Tad the Lost Explorer and the Secret of King Midas – REVIEW

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.......Tad the Lost Explorer and the Secret of King Midas - a title that trips off the tongue and falls flat on its face.......

So whilst the US has the mighty Disney and Pixar (Coco) , the UK has Aardman (Early Man) animations and France has Imagination (Despicable Me 3) Spain has Lightbox Animation studios and they are behind the kids animation ‘ Tad the Lost Explorer and the Secret of King Midas’  a child friendly Indiana Jones rip off that fills the space until Indy 5 starts filming next year.

It follows the same template opening with an underwater action sequence that sees the star archaeologist Sara Lavrof rescue a manuscript deep under the ocean belonging to Midas. It’s a guide to finding three parts of an amulet that, once put together, gives the keeper the power of Midas to turn everything into gold a power a power which must have caused no end of inconvenience to him when using the urinal in the men’s toilets. Of course not all goes well and so we have the pantomime villain Jack Rackham whose after the map also and steals it from a presentation Sara’s giving. Having kidnapped her to help him find the pieces of the amulet it’s cue our hero and love interest Tad, a construction worker and lovelorn adventurer besotted with Sara. Inevitably he rescues her and they embark on their own quest to find the pieces before Rackham.

If you’re unfamiliar with the first film then it’s a little disconcerting hearing Tad proclaiming his love for Sara as  his name sounds a little too close to Dad and initially it all seems a little incestuous when it appears that he’s lusting after a character that might be his daughter. He’s joined by a zombie like mummy / skeleton  called  Paititi who just rocks up at  Tad’s flat and forcibly joins in with the quest to find Sara. He is the alleged comedy sidekick but regrettably turns out to be the Jar Jar Binks of the film, a screeching squawking irritant that has you reaching for the ear plugs with his incessant and inane,  ‘look at me, look at me!’ behaviour that must have seemed a lot funnier in the voiceover booth than the onscreen incarnation we have here.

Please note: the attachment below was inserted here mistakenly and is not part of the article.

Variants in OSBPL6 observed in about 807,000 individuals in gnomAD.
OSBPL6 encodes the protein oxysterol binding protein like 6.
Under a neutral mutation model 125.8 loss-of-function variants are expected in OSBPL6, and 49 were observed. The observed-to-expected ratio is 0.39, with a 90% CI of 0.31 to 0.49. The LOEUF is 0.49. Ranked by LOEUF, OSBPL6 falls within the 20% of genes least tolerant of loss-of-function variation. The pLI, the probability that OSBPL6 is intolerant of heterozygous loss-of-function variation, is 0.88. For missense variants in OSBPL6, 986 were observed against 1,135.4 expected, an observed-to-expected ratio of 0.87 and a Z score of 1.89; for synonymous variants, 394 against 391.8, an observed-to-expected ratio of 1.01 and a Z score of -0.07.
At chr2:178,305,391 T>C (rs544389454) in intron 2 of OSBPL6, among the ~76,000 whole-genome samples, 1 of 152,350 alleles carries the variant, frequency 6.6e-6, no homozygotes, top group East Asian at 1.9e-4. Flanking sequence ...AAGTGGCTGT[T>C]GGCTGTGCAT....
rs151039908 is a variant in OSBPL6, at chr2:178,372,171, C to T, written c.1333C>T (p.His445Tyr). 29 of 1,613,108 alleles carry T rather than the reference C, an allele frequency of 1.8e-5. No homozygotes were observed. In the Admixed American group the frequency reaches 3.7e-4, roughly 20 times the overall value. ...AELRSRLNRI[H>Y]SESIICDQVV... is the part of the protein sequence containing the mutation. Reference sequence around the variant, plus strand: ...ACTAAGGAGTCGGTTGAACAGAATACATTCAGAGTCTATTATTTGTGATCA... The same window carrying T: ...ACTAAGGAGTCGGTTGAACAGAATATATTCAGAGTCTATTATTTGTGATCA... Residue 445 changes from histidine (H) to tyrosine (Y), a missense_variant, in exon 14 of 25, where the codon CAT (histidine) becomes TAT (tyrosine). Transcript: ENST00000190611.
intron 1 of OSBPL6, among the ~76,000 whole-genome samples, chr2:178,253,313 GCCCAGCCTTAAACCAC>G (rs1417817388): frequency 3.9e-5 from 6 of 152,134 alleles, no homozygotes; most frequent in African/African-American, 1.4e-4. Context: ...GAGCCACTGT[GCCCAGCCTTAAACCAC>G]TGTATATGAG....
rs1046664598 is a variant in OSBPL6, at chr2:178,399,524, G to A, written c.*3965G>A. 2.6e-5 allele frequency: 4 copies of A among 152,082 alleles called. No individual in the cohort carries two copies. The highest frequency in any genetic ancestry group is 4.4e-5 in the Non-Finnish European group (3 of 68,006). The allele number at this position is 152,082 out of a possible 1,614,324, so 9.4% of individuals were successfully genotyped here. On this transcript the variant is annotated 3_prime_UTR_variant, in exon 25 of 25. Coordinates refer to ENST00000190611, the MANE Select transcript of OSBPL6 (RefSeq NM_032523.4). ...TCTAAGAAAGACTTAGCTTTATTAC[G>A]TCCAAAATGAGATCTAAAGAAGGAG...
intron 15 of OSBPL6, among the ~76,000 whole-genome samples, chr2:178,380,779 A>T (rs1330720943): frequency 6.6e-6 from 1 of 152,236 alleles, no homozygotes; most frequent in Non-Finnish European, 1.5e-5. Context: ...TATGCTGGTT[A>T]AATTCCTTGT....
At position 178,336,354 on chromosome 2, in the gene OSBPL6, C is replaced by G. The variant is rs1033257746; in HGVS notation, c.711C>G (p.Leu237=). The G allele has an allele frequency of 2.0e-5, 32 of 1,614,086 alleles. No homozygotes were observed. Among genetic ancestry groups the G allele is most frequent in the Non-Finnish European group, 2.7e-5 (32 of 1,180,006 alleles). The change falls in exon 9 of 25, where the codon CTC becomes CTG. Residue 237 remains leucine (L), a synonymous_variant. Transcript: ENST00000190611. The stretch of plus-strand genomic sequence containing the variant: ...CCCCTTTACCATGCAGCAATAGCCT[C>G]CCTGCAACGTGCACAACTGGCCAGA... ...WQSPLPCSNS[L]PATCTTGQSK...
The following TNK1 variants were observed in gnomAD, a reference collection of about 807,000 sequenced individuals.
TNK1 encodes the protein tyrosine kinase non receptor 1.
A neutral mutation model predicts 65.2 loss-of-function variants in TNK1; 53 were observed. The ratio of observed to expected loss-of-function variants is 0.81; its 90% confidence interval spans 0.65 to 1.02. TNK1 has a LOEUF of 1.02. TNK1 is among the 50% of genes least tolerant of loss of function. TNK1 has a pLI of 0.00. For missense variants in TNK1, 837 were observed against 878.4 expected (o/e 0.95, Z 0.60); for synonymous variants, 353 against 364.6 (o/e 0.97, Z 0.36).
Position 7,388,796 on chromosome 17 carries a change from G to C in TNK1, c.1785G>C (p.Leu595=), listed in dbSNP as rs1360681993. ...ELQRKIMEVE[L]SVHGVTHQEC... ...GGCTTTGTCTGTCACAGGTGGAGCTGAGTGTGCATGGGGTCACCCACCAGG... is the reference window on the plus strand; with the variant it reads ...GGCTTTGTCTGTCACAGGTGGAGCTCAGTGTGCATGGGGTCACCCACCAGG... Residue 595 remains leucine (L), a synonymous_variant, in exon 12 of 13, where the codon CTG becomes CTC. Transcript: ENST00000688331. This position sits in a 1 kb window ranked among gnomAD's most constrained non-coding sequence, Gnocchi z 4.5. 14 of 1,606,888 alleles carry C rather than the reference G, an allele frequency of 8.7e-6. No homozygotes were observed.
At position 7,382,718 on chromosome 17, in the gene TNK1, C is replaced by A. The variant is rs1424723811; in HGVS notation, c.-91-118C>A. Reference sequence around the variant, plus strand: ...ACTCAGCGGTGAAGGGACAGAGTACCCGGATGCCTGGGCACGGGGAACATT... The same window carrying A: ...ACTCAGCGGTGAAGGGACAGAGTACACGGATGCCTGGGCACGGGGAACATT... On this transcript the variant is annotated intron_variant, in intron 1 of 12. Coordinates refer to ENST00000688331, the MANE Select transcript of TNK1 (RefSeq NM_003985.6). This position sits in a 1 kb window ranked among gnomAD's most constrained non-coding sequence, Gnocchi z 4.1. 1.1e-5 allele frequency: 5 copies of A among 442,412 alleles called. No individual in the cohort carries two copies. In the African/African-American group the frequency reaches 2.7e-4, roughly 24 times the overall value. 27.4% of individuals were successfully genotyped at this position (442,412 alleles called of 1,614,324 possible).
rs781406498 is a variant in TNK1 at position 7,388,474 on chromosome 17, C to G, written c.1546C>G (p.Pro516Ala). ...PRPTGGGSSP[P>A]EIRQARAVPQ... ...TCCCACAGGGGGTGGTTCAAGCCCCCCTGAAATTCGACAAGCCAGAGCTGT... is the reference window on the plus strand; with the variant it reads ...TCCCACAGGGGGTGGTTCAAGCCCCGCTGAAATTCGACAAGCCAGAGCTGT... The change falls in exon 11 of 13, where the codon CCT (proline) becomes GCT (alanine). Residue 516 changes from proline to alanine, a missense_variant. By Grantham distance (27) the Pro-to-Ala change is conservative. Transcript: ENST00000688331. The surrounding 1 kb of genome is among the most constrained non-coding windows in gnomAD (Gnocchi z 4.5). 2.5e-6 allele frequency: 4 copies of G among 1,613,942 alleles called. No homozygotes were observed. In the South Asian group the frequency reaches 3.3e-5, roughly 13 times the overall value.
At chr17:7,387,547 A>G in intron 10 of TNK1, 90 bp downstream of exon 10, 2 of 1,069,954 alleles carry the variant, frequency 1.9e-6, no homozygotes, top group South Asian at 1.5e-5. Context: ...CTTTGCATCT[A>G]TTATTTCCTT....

The film also suffers from too many characters because added to this are two animals: a placard wielding parrot and a soppy dog along with Tiffany, Sara’s friend, who’s there primarily for a plot pivot point and little else.

Tad the Lost Explorer and the Secret of King Midas

With four screenwriters they have taken the Indy template and animated it with some frenetic set pieces that are fitfully exciting and would work well as live action also, but as this has a 3D version would be immersive enough for younger children to enjoy. Thankfully though the 3D -isation of animated films seems to be very much on the wane now.

With Pixar having set the benchmark for animation feature films Tad struggles to get anywhere near that level and there’s no sly jokes here for adults to enjoy but at 85 minutes it doesn’t outstay its welcome unlike the skeleton who you can’t help wish the dog would once and for all make a meal. Unfortunately much like the lounge version of Tutti Frutti in Spanish which ends the film this is a pale imitation of Indiana Jones.

Here’s the trailer…….

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